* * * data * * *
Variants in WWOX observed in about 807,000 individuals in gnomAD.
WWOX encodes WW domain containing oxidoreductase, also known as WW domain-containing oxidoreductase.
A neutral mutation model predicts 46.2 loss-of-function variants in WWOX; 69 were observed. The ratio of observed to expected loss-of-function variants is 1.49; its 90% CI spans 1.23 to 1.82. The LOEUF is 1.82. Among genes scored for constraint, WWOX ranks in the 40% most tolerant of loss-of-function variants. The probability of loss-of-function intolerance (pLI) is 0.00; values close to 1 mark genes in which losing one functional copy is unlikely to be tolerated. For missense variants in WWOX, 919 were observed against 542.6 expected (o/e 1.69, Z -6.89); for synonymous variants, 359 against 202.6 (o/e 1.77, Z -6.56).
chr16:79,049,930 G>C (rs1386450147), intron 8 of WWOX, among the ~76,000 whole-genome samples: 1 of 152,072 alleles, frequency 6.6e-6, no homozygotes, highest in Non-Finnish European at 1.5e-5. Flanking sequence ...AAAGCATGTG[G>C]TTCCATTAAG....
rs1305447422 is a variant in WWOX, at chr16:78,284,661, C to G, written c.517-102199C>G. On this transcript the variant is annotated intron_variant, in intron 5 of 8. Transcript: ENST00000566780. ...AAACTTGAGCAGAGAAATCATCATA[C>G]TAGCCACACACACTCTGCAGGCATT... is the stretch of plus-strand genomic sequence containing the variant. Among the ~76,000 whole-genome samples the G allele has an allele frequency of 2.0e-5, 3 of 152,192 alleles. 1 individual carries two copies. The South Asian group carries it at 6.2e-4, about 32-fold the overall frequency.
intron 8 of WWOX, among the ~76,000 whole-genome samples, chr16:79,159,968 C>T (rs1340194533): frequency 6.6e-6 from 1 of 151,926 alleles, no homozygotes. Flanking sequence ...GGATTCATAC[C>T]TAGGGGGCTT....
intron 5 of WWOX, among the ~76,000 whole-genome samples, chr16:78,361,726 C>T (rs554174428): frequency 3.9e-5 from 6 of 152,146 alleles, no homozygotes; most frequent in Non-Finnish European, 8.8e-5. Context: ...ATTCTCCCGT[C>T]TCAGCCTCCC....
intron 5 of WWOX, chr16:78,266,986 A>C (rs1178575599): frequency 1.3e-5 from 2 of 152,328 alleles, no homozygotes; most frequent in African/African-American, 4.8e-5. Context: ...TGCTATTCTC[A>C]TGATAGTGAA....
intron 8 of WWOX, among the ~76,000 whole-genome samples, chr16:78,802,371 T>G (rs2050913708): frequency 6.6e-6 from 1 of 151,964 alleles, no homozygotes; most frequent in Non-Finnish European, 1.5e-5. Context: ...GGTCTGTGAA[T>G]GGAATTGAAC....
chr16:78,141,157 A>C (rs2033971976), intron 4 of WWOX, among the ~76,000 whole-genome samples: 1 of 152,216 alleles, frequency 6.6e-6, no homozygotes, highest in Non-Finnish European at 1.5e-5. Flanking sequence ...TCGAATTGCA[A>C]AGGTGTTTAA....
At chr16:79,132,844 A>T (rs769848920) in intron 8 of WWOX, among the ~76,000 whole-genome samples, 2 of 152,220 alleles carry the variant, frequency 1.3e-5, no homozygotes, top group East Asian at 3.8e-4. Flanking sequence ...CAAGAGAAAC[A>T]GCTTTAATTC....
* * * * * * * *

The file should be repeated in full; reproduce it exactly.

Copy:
Variants in WWOX observed in about 807,000 individuals in gnomAD.
WWOX encodes WW domain containing oxidoreductase, also known as WW domain-containing oxidoreductase.
A neutral mutation model predicts 46.2 loss-of-function variants in WWOX; 69 were observed. The ratio of observed to expected loss-of-function variants is 1.49; its 90% CI spans 1.23 to 1.82. The LOEUF is 1.82. Among genes scored for constraint, WWOX ranks in the 40% most tolerant of loss-of-function variants. The probability of loss-of-function intolerance (pLI) is 0.00; values close to 1 mark genes in which losing one functional copy is unlikely to be tolerated. For missense variants in WWOX, 919 were observed against 542.6 expected (o/e 1.69, Z -6.89); for synonymous variants, 359 against 202.6 (o/e 1.77, Z -6.56).
chr16:79,049,930 G>C (rs1386450147), intron 8 of WWOX, among the ~76,000 whole-genome samples: 1 of 152,072 alleles, frequency 6.6e-6, no homozygotes, highest in Non-Finnish European at 1.5e-5. Flanking sequence ...AAAGCATGTG[G>C]TTCCATTAAG....
rs1305447422 is a variant in WWOX, at chr16:78,284,661, C to G, written c.517-102199C>G. On this transcript the variant is annotated intron_variant, in intron 5 of 8. Transcript: ENST00000566780. ...AAACTTGAGCAGAGAAATCATCATA[C>G]TAGCCACACACACTCTGCAGGCATT... is the stretch of plus-strand genomic sequence containing the variant. Among the ~76,000 whole-genome samples the G allele has an allele frequency of 2.0e-5, 3 of 152,192 alleles. 1 individual carries two copies. The South Asian group carries it at 6.2e-4, about 32-fold the overall frequency.
intron 8 of WWOX, among the ~76,000 whole-genome samples, chr16:79,159,968 C>T (rs1340194533): frequency 6.6e-6 from 1 of 151,926 alleles, no homozygotes. Flanking sequence ...GGATTCATAC[C>T]TAGGGGGCTT....
intron 5 of WWOX, among the ~76,000 whole-genome samples, chr16:78,361,726 C>T (rs554174428): frequency 3.9e-5 from 6 of 152,146 alleles, no homozygotes; most frequent in Non-Finnish European, 8.8e-5. Context: ...ATTCTCCCGT[C>T]TCAGCCTCCC....
intron 5 of WWOX, chr16:78,266,986 A>C (rs1178575599): frequency 1.3e-5 from 2 of 152,328 alleles, no homozygotes; most frequent in African/African-American, 4.8e-5. Context: ...TGCTATTCTC[A>C]TGATAGTGAA....
intron 8 of WWOX, among the ~76,000 whole-genome samples, chr16:78,802,371 T>G (rs2050913708): frequency 6.6e-6 from 1 of 151,964 alleles, no homozygotes; most frequent in Non-Finnish European, 1.5e-5. Context: ...GGTCTGTGAA[T>G]GGAATTGAAC....
chr16:78,141,157 A>C (rs2033971976), intron 4 of WWOX, among the ~76,000 whole-genome samples: 1 of 152,216 alleles, frequency 6.6e-6, no homozygotes, highest in Non-Finnish European at 1.5e-5. Flanking sequence ...TCGAATTGCA[A>C]AGGTGTTTAA....
At chr16:79,132,844 A>T (rs769848920) in intron 8 of WWOX, among the ~76,000 whole-genome samples, 2 of 152,220 alleles carry the variant, frequency 1.3e-5, no homozygotes, top group East Asian at 3.8e-4. Flanking sequence ...CAAGAGAAAC[A>T]GCTTTAATTC....